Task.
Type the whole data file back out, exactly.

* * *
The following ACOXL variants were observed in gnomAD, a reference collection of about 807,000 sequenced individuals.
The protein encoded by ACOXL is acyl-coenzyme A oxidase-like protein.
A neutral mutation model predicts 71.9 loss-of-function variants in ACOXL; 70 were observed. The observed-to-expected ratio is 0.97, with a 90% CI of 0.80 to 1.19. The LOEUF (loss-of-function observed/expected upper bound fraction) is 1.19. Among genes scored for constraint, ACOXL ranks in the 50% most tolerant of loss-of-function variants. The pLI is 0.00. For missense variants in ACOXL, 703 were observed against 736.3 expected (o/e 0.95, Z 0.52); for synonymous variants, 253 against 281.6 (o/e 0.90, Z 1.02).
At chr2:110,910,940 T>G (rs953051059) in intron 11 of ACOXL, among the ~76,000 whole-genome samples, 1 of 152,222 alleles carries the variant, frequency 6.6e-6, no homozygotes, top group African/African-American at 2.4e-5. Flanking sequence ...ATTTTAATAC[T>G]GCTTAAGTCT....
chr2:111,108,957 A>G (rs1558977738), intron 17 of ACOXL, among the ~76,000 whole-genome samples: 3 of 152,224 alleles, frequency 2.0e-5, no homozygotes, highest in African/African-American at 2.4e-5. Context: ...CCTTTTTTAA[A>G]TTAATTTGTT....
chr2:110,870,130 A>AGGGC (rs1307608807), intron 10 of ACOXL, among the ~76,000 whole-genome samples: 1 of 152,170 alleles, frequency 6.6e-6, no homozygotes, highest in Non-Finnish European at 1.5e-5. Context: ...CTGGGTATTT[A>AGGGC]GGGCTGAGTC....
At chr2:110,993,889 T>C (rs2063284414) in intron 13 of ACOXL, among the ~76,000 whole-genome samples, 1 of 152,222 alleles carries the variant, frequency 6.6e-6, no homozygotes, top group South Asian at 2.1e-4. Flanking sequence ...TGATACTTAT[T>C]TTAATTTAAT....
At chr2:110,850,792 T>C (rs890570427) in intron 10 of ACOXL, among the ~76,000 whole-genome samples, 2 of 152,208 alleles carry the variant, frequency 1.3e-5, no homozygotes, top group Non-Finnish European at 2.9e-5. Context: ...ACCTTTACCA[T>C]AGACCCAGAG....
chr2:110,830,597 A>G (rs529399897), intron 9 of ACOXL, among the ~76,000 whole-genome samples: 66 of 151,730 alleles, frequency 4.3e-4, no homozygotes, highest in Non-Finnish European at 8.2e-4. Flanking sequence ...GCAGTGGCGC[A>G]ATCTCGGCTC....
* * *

The following ACOXL variants were observed in gnomAD, a reference collection of about 807,000 sequenced individuals.
The protein encoded by ACOXL is acyl-coenzyme A oxidase-like protein.
A neutral mutation model predicts 71.9 loss-of-function variants in ACOXL; 70 were observed. The observed-to-expected ratio is 0.97, with a 90% CI of 0.80 to 1.19. The LOEUF (loss-of-function observed/expected upper bound fraction) is 1.19. Among genes scored for constraint, ACOXL ranks in the 50% most tolerant of loss-of-function variants. The pLI is 0.00. For missense variants in ACOXL, 703 were observed against 736.3 expected (o/e 0.95, Z 0.52); for synonymous variants, 253 against 281.6 (o/e 0.90, Z 1.02).
At chr2:110,910,940 T>G (rs953051059) in intron 11 of ACOXL, among the ~76,000 whole-genome samples, 1 of 152,222 alleles carries the variant, frequency 6.6e-6, no homozygotes, top group African/African-American at 2.4e-5. Flanking sequence ...ATTTTAATAC[T>G]GCTTAAGTCT....
chr2:111,108,957 A>G (rs1558977738), intron 17 of ACOXL, among the ~76,000 whole-genome samples: 3 of 152,224 alleles, frequency 2.0e-5, no homozygotes, highest in African/African-American at 2.4e-5. Context: ...CCTTTTTTAA[A>G]TTAATTTGTT....
chr2:110,870,130 A>AGGGC (rs1307608807), intron 10 of ACOXL, among the ~76,000 whole-genome samples: 1 of 152,170 alleles, frequency 6.6e-6, no homozygotes, highest in Non-Finnish European at 1.5e-5. Context: ...CTGGGTATTT[A>AGGGC]GGGCTGAGTC....
At chr2:110,993,889 T>C (rs2063284414) in intron 13 of ACOXL, among the ~76,000 whole-genome samples, 1 of 152,222 alleles carries the variant, frequency 6.6e-6, no homozygotes, top group South Asian at 2.1e-4. Flanking sequence ...TGATACTTAT[T>C]TTAATTTAAT....
At chr2:110,850,792 T>C (rs890570427) in intron 10 of ACOXL, among the ~76,000 whole-genome samples, 2 of 152,208 alleles carry the variant, frequency 1.3e-5, no homozygotes, top group Non-Finnish European at 2.9e-5. Context: ...ACCTTTACCA[T>C]AGACCCAGAG....
chr2:110,830,597 A>G (rs529399897), intron 9 of ACOXL, among the ~76,000 whole-genome samples: 66 of 151,730 alleles, frequency 4.3e-4, no homozygotes, highest in Non-Finnish European at 8.2e-4. Flanking sequence ...GCAGTGGCGC[A>G]ATCTCGGCTC....